It seems at least some members of the next generation agree with you and aren't willing to let their imaginations be limited without a fight: http://jezebel.com/5871009/video-of-little-girl-getting-pissed-off-at-gender+specific-toy-colors-will-make-your-heart-swell
12/26/11 @ 19:53
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Comment from: billywms [Visitor]
HAHA amy i saw that to!-You go girl!
12/26/11 @ 23:46
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Comment from: mellodee [Member] Email
I was very much a little girl growing up. I loved barbies, reading fairy tales and playing house. However, I also loved big trucks, hot wheels, climbing trees, racing crawdads in the creek and catching snakes.I was allowed to play with both any way I chose. Today I am the same, I love being a woman, but I love fast cars, and nature too. I am not saying everyone should be the same as one suggested but I do get thoroughly disgusted with the toy isles. All through Christmas shopping for our Organization, as well as my own family members I noticed all of the vacuum cleaners, stoves, microwaves, broom sets, strollers, shopping carts, and yes all the pink on everything. It makes me sad. The boys however, had erector sets, explore toys, building blocks, cars, bikes(of almost every color), and their own dolls, ie "action figures" Excluding video games, the toy department is highly stereotypical. No wonder our girls do not understand math and science as well. From birth boys are presented with toys and objects to help build their thinking, exploration and creative skills..Girls are presented with how to clean, cook and prepare for baby. It is wrong and until it changes our girls will still be at a disadvantage. When my daughter was little, 15 years ago, she used to beg for a red girls bike. NEVER found one and although she is 19, I still catch myself looking. Maybe, when parents stop buying into the stereotypes as well the retailers will wake up. Until then...This is what we have.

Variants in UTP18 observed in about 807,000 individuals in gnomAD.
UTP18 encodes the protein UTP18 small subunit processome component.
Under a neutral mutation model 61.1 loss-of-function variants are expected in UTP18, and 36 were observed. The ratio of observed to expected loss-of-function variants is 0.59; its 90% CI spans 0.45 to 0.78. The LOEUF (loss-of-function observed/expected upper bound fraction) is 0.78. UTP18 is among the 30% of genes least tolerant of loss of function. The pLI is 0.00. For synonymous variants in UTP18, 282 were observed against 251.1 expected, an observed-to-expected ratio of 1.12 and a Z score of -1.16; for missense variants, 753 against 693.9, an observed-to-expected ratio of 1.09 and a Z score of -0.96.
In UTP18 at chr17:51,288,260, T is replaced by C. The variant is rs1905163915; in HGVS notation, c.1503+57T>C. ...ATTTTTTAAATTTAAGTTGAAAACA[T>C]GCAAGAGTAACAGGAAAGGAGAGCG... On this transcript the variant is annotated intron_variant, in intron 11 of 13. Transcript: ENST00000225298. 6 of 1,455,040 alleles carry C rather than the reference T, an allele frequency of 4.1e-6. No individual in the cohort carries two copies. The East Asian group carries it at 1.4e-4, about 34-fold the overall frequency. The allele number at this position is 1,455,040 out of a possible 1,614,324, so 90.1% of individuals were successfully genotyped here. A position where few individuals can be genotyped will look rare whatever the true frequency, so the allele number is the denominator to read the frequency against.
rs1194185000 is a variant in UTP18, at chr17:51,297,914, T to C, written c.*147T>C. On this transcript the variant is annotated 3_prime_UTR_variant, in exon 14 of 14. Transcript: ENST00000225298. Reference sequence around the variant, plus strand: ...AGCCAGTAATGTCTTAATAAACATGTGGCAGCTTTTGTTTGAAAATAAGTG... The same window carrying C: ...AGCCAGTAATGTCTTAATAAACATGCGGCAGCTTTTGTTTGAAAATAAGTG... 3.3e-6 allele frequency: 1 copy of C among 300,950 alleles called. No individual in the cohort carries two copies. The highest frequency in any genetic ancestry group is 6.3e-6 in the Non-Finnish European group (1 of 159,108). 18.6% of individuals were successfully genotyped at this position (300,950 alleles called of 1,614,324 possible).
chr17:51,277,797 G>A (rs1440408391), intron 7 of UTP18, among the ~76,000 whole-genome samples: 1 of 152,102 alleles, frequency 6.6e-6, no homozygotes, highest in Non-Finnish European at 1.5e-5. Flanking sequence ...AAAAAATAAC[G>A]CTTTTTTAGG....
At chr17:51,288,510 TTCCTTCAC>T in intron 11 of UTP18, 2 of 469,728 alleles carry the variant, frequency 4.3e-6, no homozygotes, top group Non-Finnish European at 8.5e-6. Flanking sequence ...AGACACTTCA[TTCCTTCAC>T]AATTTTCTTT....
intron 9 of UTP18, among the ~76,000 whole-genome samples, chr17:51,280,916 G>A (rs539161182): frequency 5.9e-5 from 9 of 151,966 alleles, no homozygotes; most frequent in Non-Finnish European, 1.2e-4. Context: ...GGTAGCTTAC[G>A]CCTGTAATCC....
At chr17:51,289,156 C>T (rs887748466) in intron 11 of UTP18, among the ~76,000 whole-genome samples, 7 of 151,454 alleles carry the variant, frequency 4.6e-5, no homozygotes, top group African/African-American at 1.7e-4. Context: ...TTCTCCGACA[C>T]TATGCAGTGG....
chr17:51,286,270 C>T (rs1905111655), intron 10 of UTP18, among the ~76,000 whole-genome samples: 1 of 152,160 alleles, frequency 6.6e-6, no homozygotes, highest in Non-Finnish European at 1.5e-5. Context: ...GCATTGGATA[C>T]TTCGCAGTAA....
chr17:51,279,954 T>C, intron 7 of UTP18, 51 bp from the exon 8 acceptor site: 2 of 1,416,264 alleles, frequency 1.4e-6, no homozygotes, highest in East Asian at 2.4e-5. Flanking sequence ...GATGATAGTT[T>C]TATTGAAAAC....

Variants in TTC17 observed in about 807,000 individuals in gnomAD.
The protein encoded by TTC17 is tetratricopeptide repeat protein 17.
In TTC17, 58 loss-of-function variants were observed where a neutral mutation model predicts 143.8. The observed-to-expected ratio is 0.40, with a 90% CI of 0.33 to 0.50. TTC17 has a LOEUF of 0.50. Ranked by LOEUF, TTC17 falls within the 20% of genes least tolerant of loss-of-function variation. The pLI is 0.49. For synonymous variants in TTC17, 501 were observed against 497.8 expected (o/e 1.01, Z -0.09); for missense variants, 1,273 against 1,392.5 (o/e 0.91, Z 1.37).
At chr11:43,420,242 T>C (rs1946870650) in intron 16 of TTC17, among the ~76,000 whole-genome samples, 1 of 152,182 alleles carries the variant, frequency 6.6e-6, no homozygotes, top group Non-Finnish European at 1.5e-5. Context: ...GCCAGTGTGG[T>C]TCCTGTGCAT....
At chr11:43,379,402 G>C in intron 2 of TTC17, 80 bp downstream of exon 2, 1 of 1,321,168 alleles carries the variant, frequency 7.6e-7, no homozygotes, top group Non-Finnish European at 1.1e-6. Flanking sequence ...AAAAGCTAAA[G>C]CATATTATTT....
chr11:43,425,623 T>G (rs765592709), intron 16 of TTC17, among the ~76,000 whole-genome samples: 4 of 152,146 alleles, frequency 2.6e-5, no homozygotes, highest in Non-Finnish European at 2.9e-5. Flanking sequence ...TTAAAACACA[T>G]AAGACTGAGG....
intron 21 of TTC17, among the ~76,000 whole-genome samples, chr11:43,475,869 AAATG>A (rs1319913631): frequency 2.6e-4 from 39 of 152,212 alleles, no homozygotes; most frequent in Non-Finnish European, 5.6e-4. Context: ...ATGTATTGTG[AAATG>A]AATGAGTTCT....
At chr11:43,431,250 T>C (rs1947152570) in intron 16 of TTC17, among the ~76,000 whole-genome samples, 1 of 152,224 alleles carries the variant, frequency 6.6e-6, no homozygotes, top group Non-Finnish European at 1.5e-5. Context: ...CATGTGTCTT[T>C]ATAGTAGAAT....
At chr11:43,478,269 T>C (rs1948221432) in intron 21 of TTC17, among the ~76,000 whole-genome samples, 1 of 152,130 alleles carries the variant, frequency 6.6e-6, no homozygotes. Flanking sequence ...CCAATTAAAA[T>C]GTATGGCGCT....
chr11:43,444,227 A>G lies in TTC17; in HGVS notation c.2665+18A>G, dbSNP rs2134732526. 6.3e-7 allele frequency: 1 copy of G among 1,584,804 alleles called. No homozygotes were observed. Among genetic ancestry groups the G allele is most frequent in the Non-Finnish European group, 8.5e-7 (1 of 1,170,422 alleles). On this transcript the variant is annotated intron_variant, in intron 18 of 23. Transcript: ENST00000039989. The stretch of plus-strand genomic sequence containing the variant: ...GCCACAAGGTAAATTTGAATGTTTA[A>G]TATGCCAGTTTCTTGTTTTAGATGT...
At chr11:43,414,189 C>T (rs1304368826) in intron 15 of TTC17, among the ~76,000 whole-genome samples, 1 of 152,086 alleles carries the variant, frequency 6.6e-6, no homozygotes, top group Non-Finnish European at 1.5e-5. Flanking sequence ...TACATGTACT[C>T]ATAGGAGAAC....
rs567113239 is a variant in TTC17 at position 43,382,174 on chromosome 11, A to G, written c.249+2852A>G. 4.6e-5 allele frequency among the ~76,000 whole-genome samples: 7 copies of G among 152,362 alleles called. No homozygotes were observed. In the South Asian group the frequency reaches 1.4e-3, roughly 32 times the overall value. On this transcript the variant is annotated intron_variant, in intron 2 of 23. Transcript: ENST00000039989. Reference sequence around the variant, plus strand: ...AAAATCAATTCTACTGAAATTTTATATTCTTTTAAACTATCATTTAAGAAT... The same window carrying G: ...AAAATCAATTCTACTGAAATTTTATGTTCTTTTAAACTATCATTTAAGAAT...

01/12/12 @ 17:18
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Comment from: maxxum [Visitor]
Billions of dollars are spent by company's to learn who likes what and what sells to whom. Study after study has shown that certain things attract/hold the attention of each sex. Saying that it's sexist is going a little far when the vast majority of kids voluntarily choose what's in 'their' aisle. That said, I keep hearing people say, "When I was a kid I choose (enter opposite gender) toys." Well, it's the same today. Some kids still choose what they want and most parents let them. There will always be the fringe elements, but few if any are being discriminatory. I've yet to see an ad that said, "Boy's only" or "Girl's Only". They simply consolidate according to marketing. The mighty dollar and scientific study have created these categories, not bigotry.